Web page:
"First time getting sued by a debt collector and I was searching all over YouTube and ran across SoloSuit, so I decided to buy their services with their attorney reviewed documentation which cost extra but it was well worth it! SoloSuit sent the documentation to the parties and to the court which saved me time from having to go to court and in a few weeks the case got dismissed!" – James

Get Started

>>Read the FastCompany article: Debt Lawsuits Are Complicated: This Website Makes Them Simpler To Navigate

>>Read the NPR story on SoloSuit: A Student Solution To Give Utah Debtors A Fighting Chance

How to answer a summons for debt collection in your state

Here's a list of guides for other states.

All 50 states.

Guides on how to beat every debt collector

Being sued by a different debt collector? We're making guides on how to beat each one.

Win against credit card companies

Is your credit card company suing you? Learn how you can beat each one.

Going to Court for Credit Card Debt — Key Tips

How to Negotiate Credit Card Debts

How to Settle a Credit Card Debt Lawsuit — Ultimate Guide

Get answers to these FAQs

Need more info on statutes of limitations? Read our 50-state guide.

Why do debt collectors block their phone numbers?

How long do debt collectors take to respond to debt validation letters?

What are the biggest debt collector companies in the US?

Is Zombie Debt Still a Problem in 2019?

SoloSuit FAQ

If a car is repossessed, do I still owe the debt?

Is Portfolio Recovery Associates Legit?

Is There a Judgment Against Me Without my Knowledge?

Should I File Bankruptcy Before or After a Judgment?

What is a default judgment?— What do I do?

Summoned to Court for Medical Bills — What Do I Do?

What Happens If Someone Sues You and You Have No Money?

What Happens If You Never Answer Debt Collectors?

What Happens When a Debt Is Sold to a Collection Agency

What is a Stipulated Judgment?

What is the Deadline for a Defendant's Answer to Avoid a Default Judgment?

Can a Judgement Creditor Take my Car?

Can I Settle a Debt After Being Served?

Can I Stop Wage Garnishment?

Can You Appeal a Default Judgement?

Do I Need a Debt Collection Defense Attorney?

Do I Need a Payday Loans Lawyer?

Do student loans go away after 7 years? — Student Loan Debt Guide

Am I Responsible for My Spouse's Medical Debt?

Should I Marry Someone With Debt?

Can a Debt Collector Leave a Voicemail?

How Does Debt Assignment Work?

What Happens If a Defendant Does Not Pay a Judgment?

How Does Debt Assignment Work?

Can You Serve Someone with a Collections Lawsuit at Their Work?

What Is a Warrant in Debt?

How Many Times Can a Judgment be Renewed in Oklahoma?

Can an Eviction Be Reversed?

Does Debt Consolidation Have Risks?

What Happens If You Avoid Getting Served Court Papers?

Does Student Debt Die With You?

Can Debt Collectors Call You at Work in Texas?

How Much Do You Have to Be in Debt to File for Chapter 7?

What Is the Statute of Limitations on Debt in Washington?

How Long Does a Judgment Last?

Can Private Disability Payments Be Garnished?

Can Debt Collectors Call From Local Numbers?

Does the Fair Credit Reporting Act Work in Florida?

The Truth: Should You Never Pay a Debt Collection Agency?

Should You Communicate with a Debt Collector in Writing or by Telephone?

Do I Need a Debt Negotiator?

What Happens After a Motion for Default Is Filed?

Can a Process Server Leave a Summons Taped to My Door?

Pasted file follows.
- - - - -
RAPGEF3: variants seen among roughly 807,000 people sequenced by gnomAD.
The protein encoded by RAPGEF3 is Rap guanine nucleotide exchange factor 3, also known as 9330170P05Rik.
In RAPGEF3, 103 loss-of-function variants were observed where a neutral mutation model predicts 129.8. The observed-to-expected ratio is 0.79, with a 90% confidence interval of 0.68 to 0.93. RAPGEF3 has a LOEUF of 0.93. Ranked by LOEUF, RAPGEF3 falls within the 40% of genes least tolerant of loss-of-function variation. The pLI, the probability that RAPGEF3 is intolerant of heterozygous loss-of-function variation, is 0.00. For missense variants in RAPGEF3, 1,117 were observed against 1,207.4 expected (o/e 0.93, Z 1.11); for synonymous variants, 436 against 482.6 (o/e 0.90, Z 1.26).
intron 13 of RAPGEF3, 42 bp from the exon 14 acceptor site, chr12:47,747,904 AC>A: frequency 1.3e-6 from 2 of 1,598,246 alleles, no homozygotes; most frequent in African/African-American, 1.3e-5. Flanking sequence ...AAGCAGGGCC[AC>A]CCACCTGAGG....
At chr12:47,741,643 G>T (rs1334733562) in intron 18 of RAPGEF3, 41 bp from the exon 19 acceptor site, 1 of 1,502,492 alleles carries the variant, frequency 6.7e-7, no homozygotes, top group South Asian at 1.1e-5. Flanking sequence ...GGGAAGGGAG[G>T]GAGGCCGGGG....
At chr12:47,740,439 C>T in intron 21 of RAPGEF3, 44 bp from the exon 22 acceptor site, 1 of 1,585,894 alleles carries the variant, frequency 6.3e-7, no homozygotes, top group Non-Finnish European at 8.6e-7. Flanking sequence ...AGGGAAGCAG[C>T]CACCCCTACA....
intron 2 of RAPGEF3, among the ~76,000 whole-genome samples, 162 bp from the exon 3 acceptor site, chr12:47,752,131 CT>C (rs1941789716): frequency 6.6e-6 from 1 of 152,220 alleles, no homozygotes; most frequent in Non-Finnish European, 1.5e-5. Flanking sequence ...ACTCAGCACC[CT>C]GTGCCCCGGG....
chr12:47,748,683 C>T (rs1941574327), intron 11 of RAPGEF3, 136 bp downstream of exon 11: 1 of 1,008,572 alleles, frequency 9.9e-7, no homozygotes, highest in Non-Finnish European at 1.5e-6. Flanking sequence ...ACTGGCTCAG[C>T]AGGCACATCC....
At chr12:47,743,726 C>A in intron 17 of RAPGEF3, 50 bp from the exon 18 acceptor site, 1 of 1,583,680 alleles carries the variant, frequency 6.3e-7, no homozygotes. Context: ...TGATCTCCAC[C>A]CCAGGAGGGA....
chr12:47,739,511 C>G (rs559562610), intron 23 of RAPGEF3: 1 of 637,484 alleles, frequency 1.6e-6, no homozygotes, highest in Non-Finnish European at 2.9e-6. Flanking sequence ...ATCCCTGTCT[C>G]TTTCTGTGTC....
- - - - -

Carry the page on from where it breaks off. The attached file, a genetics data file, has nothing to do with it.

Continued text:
Learn More With These Additional Resources:

Need help managing your finances? Check out these resources.

How to Make a Debt Validation Letter - The Ultimate Guide

How to Make a Motion to Compel Arbitration Without an Attorney

How to Stop Wage Garnishment — Everything You Need to Know

How to File an FDCPA Complaint Against Your Debt Collector (Ultimate Guide)

Defending Yourself in Court Against a Debt Collector

Tips on you can to file an FDCPA lawsuit against a debt collection agency

Advice on how to answer a summons for debt collection.

Effective strategies for how to get back on track after a debt lawsuit

New Hampshire Statute of Limitations on Debt

Sample Cease and Desist Letter Against Debt Collectors

The Ultimate Guide to Responding to a Debt Collection Lawsuit in Utah

West Virginia Statute of Limitations on Debt

What debt collectors cannot do — FDCPA explained

Defending Yourself in Court Against Debt Collector

How to Liquidate Debt

Arkansas Statute of Limitations on Debt

You're Drowning in Debt — Here's How to Swim

Help! I'm Being Sued by My Debt Collector

How to Make a Motion to Vacate Judgment

How to Answer Summons for Debt Collection in Vermont

North Dakota Statute of Limitations on Debt

ClearPoint Debt Management Review

Indiana Statute of Limitations on Debt

Oregon Eviction Laws - What They Say

CuraDebt Debt Settlement Review

How to Write a Re-Aging Debt Letter

How to Appear in Court by Phone

How to Use the Doctrine of Unclean Hands

Debt Consolidation in Eugene, Oregon

Summoned to Court for Medical Bills? What to Do Next

How to Make a Debt Settlement Agreement

Received a 3-Day Eviction Notice? Here's What to Do

How to Answer a Lawsuit for Debt Collection

Tips for Leaving the Country With Unpaid Credit Card Debt

Kansas Statute of Limitations on Debt Collection

How to File in Small Claims Court in Iowa

How to File a Civil Answer in Kings County Supreme Court

Roseland Associates Debt Consolidation Review

How to Stop a Garnishment

Debt Eraser Review

Do Debt Collectors Ever Give Up?

Can They Garnish Your Wages for Credit Card Debt?

How Often Do Credit Card Companies Sue for Non-Payment?

How Long Does a Judgement Last?

​​How Long Before a Creditor Can Garnish Wages?

How to Beat a Bill Collector in Court